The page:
Everyone's focus at a wedding is usually on the bride. Because duh: She's got the hair, the makeup, and the ring, not to mention the dress. But the grooms deserve their due too. Especially because if you can steal your eyes away from all the lace and tulle, these dudes are down-right heart-melting. Lauren & David This adorable groom can't keep it together.
My boyfriend and I have been together for about eight months and the first two times we hooked up he went down on me. He offered once more about two weeks later but I had my period so it wasn't good timing. Since then he hasn't offered and changes the subject whenever I bring it up. He does, however, ask for blow jobs, and I offer too because I enjoy giving them. I've asked a few people for advice about this but they always say ‘quit giving and he'll start giving.'
A recent Cosmopolitan.com survey revealed some surprising discrepancies in the way men and women view pubic hair. While most women surveyed (70 percent) hope their partner will sport a low-maintenance "trim," the majority of men surveyed (46 percent) want their partners to be completely bare. And it appears that's exactly what's happening — 57 percent of women reported removing all their pubic hair. But what about the women who don't?
Muck Rack makes it simple to find people, tweets, or articles that mention any name, keyword, company, hashtag etc. We've compiled this guide to help you make the most of your search.
Selecting a term
Start searching tweets, articles from media outlets, articles mentioned in tweets, journalists'
names, titles and bios with some suggested searches:
Companies or Topics (e.g. iPhone, Microsoft)
Phrases (e.g. "cloud computing") — use quotes to keep the terms together
Twitter handles (e.g. @username) — returns those who have mentioned or replied to
Names (e.g. "David Pogue")
Hashtags (e.g. #sxsw, #london2012)
Bio details (e.g. vegan, Olympics, father)
Muck Rack's Advanced Search allows for many boolean operators.
Find results that mention multiple specified terms, use AND or
+. For example, ensure each result contains both Elon Musk and Mark Zuckerberg by
searching Obama AND Romney or Obama + Romney.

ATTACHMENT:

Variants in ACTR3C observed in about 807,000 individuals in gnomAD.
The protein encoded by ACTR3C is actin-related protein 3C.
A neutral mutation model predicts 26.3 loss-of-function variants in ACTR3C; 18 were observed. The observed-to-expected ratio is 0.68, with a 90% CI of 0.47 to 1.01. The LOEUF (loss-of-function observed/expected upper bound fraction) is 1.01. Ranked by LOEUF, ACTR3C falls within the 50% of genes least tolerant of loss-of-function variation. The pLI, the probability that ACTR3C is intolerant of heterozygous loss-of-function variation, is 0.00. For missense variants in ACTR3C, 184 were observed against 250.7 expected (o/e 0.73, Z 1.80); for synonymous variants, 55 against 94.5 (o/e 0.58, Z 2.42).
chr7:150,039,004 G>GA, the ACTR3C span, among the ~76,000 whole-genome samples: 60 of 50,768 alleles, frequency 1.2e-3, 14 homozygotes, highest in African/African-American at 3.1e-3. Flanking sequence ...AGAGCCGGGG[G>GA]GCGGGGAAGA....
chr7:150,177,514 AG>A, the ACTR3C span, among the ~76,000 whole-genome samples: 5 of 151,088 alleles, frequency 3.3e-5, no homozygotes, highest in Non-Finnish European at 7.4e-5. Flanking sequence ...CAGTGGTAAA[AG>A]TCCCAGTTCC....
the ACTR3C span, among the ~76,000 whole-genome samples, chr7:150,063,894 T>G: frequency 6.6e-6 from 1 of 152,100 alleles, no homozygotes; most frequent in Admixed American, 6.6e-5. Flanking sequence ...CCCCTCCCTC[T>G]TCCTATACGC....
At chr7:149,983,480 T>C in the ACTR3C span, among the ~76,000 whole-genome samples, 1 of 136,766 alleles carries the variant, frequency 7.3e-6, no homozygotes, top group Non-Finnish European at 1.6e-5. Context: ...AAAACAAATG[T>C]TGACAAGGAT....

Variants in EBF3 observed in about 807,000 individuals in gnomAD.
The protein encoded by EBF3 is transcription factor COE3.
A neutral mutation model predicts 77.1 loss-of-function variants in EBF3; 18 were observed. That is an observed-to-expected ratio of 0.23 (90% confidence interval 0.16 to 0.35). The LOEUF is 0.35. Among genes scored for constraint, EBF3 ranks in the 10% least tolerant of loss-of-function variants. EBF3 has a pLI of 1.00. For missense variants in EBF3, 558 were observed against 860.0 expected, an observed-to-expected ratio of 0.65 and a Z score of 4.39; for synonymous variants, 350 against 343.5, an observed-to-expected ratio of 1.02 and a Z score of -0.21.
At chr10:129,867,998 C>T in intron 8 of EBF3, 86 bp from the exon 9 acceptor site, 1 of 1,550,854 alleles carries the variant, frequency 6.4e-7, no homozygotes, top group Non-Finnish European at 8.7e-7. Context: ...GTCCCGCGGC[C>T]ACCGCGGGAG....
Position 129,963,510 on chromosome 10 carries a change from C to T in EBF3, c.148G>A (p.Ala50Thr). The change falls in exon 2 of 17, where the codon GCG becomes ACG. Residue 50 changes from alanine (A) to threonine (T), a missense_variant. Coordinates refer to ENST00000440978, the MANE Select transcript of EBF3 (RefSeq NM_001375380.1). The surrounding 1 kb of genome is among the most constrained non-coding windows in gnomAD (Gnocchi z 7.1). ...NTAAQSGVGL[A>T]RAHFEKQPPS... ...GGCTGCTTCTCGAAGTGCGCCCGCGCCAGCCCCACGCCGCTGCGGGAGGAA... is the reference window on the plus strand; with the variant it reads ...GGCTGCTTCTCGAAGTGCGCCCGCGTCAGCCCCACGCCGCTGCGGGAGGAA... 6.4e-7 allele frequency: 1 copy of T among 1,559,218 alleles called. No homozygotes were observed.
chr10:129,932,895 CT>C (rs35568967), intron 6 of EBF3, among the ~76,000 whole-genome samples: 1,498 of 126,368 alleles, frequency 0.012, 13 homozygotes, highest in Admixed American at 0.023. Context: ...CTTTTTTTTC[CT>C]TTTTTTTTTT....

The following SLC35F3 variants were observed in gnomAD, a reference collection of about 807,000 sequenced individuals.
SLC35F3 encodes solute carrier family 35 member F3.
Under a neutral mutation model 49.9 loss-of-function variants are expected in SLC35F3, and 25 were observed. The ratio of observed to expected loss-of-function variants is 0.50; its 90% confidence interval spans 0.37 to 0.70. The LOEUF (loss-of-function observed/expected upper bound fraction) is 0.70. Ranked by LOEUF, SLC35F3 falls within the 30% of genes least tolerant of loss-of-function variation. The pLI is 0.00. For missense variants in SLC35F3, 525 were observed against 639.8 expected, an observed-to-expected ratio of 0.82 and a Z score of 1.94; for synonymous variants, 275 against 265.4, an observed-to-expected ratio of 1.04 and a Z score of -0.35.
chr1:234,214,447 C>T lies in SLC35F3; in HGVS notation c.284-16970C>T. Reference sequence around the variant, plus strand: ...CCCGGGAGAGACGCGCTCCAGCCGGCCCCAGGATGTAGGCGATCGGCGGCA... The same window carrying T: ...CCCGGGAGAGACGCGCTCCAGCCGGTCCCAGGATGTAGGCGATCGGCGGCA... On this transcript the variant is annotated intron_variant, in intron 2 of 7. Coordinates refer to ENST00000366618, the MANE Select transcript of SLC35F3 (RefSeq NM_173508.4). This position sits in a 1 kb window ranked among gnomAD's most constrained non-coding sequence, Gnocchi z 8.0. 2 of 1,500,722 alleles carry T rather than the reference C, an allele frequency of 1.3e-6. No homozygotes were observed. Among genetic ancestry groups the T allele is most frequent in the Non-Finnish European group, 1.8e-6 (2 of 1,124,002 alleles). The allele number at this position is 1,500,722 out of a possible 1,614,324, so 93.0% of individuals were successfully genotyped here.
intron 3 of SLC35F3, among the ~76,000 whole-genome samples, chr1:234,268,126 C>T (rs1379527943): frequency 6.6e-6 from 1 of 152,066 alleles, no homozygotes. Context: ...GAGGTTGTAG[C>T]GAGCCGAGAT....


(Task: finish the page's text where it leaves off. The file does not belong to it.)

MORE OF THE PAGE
Use the operators OR or , to broaden your search when you'd like either of
multiple terms to appear in results. (This is the default behavior of our search when no operators
are used.) For example, search for democrat OR republican to find results that refer to
Democrats and/or Republicans.
Use NOT or - to subtract results from your search. For
example, searching Disney will yield results about the Walt Disney Company as well as Walt Disney
World Resort. To exclude mentions of Disney World, search for Disney -World or Disney
When using one of these operators with a phrase, enclose it in quotation marks. For example, you can
find results about smartphones excluding Apple's iPhone 4S by searching smartphone -"iPhone
Exact case matching or punctuation
If you're searching for a brand name or keyword that relies on specific punctuation marks or capitalization, you can
find results that match your exact query by adding matchcase: before the keyword you're searching for, like matchcase:E*TRADE .
Use parentheses to separate multiple
boolean phrases. For example, to find journalists talking about having fun in Disney World or
Disneyland, search for ("disney world" OR disneyland) AND fun.
An asterisk can be used to search for any variation of a root word truncated by the asterisk. For example, searching for admin* will return results for administrator, administration, administer, administered, etc.
A near operator is an AND operator where you can control the distance between the words. You can vary the distance the near operation uses by adding a forward slash and number (between 0-99) such as strawberries NEAR/10 "whipped cream", which means the strawberries must exist within 10 words of "whipped cream".